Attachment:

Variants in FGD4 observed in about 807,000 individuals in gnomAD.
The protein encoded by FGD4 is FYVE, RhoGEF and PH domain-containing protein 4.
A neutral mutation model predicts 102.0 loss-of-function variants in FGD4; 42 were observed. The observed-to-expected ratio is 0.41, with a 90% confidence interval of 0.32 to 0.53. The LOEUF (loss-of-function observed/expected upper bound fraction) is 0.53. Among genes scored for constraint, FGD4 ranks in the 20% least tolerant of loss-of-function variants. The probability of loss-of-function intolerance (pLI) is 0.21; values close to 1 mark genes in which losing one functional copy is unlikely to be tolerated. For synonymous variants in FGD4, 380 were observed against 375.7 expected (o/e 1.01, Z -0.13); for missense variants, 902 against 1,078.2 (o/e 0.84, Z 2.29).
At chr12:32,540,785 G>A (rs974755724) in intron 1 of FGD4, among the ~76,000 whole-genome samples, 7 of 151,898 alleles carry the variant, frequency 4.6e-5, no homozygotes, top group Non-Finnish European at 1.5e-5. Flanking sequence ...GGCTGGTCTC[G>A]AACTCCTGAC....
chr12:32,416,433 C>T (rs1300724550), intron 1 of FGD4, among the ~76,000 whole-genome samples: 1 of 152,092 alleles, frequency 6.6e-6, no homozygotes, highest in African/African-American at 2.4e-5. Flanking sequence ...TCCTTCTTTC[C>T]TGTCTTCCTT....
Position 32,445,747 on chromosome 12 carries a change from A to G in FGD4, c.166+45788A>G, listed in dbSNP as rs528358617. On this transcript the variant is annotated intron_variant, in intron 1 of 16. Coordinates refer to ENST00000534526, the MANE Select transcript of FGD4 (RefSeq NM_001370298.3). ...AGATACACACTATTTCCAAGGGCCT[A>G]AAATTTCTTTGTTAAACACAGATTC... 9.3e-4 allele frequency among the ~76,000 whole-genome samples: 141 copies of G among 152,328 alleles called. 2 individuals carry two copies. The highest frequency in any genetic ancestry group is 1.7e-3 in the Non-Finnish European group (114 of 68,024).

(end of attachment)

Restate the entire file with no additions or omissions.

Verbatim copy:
Variants in FGD4 observed in about 807,000 individuals in gnomAD.
The protein encoded by FGD4 is FYVE, RhoGEF and PH domain-containing protein 4.
A neutral mutation model predicts 102.0 loss-of-function variants in FGD4; 42 were observed. The observed-to-expected ratio is 0.41, with a 90% confidence interval of 0.32 to 0.53. The LOEUF (loss-of-function observed/expected upper bound fraction) is 0.53. Among genes scored for constraint, FGD4 ranks in the 20% least tolerant of loss-of-function variants. The probability of loss-of-function intolerance (pLI) is 0.21; values close to 1 mark genes in which losing one functional copy is unlikely to be tolerated. For synonymous variants in FGD4, 380 were observed against 375.7 expected (o/e 1.01, Z -0.13); for missense variants, 902 against 1,078.2 (o/e 0.84, Z 2.29).
At chr12:32,540,785 G>A (rs974755724) in intron 1 of FGD4, among the ~76,000 whole-genome samples, 7 of 151,898 alleles carry the variant, frequency 4.6e-5, no homozygotes, top group Non-Finnish European at 1.5e-5. Flanking sequence ...GGCTGGTCTC[G>A]AACTCCTGAC....
chr12:32,416,433 C>T (rs1300724550), intron 1 of FGD4, among the ~76,000 whole-genome samples: 1 of 152,092 alleles, frequency 6.6e-6, no homozygotes, highest in African/African-American at 2.4e-5. Flanking sequence ...TCCTTCTTTC[C>T]TGTCTTCCTT....
Position 32,445,747 on chromosome 12 carries a change from A to G in FGD4, c.166+45788A>G, listed in dbSNP as rs528358617. On this transcript the variant is annotated intron_variant, in intron 1 of 16. Coordinates refer to ENST00000534526, the MANE Select transcript of FGD4 (RefSeq NM_001370298.3). ...AGATACACACTATTTCCAAGGGCCT[A>G]AAATTTCTTTGTTAAACACAGATTC... 9.3e-4 allele frequency among the ~76,000 whole-genome samples: 141 copies of G among 152,328 alleles called. 2 individuals carry two copies. The highest frequency in any genetic ancestry group is 1.7e-3 in the Non-Finnish European group (114 of 68,024).